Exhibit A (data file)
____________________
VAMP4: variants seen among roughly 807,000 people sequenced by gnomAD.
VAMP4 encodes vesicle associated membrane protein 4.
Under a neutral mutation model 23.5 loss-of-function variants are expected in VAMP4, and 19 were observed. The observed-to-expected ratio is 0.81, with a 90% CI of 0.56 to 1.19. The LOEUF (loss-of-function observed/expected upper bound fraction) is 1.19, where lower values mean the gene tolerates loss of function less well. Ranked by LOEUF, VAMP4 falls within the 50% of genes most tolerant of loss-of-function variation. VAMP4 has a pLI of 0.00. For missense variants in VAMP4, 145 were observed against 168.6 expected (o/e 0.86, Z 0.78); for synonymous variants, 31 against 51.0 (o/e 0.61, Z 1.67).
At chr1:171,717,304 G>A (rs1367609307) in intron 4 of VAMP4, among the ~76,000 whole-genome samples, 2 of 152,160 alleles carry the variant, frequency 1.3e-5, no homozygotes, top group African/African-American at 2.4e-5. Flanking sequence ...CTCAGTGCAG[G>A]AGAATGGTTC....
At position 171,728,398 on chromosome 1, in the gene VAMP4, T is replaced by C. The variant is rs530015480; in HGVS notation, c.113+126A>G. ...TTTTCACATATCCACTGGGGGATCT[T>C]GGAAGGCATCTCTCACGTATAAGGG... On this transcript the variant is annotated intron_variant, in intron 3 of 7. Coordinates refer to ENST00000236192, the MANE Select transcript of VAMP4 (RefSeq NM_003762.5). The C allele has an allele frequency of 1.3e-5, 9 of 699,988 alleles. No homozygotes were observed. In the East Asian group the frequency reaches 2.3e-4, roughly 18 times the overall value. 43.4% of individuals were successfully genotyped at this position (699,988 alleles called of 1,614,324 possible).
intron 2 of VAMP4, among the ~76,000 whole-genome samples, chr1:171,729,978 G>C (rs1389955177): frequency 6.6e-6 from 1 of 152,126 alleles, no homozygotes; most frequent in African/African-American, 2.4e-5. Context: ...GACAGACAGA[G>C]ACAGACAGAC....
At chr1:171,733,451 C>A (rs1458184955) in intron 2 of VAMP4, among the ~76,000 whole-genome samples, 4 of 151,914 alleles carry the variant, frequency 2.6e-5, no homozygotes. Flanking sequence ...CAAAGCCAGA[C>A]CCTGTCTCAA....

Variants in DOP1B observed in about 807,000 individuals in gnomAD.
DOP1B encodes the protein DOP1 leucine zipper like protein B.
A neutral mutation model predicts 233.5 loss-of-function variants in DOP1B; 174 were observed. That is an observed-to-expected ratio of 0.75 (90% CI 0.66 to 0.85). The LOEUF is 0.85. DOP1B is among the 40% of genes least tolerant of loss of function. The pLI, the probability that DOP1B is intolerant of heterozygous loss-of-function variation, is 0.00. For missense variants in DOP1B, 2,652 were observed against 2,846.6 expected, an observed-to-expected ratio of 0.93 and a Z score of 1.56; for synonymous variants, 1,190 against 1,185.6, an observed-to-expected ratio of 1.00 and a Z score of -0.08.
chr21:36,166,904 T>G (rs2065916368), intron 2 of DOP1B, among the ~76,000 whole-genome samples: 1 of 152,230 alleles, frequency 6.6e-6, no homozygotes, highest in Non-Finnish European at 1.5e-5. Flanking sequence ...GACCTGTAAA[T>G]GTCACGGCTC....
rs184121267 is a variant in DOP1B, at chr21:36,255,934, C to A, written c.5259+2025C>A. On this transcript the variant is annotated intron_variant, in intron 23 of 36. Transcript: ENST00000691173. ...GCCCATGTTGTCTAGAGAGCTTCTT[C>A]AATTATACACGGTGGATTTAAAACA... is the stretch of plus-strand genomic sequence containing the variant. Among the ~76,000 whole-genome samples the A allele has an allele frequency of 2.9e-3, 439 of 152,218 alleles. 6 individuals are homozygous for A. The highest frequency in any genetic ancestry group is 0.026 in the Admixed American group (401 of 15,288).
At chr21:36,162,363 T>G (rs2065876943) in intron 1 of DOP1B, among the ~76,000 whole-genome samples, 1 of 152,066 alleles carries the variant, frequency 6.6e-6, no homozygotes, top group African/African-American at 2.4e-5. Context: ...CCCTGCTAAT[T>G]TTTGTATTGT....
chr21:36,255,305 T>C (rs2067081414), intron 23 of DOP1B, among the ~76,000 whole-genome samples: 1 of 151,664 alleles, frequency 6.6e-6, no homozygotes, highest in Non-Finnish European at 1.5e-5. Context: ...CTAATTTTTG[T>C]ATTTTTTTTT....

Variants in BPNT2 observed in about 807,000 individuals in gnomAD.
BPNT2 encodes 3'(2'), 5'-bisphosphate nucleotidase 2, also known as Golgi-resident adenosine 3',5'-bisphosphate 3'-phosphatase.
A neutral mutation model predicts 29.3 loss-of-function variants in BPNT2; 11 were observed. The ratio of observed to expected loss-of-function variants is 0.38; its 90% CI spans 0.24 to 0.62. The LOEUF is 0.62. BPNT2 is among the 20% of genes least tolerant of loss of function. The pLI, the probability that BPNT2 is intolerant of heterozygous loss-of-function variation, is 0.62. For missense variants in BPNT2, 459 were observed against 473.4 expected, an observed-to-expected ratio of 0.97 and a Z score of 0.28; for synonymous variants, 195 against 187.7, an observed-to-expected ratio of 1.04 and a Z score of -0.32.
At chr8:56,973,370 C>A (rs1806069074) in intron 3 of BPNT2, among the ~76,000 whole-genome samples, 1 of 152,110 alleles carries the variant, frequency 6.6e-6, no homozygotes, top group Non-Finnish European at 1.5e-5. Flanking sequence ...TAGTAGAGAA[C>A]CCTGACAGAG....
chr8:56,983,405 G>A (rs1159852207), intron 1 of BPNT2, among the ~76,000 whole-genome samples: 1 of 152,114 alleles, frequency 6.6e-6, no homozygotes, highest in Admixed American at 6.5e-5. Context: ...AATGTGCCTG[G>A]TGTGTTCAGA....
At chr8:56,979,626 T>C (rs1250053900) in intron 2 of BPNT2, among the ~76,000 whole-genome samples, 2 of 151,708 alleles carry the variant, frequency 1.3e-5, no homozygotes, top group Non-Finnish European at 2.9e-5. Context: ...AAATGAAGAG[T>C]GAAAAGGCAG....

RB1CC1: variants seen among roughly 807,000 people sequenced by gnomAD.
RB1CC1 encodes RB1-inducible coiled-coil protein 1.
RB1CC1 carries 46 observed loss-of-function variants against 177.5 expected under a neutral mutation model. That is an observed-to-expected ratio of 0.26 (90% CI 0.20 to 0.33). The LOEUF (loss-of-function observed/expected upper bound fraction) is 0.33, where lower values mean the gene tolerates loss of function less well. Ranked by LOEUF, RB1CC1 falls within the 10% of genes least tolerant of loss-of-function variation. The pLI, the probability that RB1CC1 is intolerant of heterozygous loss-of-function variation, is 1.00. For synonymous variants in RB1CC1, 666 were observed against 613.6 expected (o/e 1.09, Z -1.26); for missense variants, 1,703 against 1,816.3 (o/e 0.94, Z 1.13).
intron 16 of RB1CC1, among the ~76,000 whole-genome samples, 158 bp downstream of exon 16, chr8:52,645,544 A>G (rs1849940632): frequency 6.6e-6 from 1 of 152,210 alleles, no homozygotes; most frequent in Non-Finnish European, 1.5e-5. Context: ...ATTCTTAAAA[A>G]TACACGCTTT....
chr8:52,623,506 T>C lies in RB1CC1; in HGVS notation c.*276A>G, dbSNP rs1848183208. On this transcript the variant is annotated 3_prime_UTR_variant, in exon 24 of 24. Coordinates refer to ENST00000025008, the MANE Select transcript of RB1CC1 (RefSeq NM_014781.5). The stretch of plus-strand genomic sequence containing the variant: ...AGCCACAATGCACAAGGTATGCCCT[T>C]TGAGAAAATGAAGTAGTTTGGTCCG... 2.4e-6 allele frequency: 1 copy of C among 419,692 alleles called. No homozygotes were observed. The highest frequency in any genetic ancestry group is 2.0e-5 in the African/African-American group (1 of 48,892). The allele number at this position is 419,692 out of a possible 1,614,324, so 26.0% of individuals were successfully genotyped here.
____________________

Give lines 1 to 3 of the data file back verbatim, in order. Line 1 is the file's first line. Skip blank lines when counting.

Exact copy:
VAMP4: variants seen among roughly 807,000 people sequenced by gnomAD.
VAMP4 encodes vesicle associated membrane protein 4.
Under a neutral mutation model 23.5 loss-of-function variants are expected in VAMP4, and 19 were observed. The observed-to-expected ratio is 0.81, with a 90% CI of 0.56 to 1.19. The LOEUF (loss-of-function observed/expected upper bound fraction) is 1.19, where lower values mean the gene tolerates loss of function less well. Ranked by LOEUF, VAMP4 falls within the 50% of genes most tolerant of loss-of-function variation. VAMP4 has a pLI of 0.00. For missense variants in VAMP4, 145 were observed against 168.6 expected (o/e 0.86, Z 0.78); for synonymous variants, 31 against 51.0 (o/e 0.61, Z 1.67).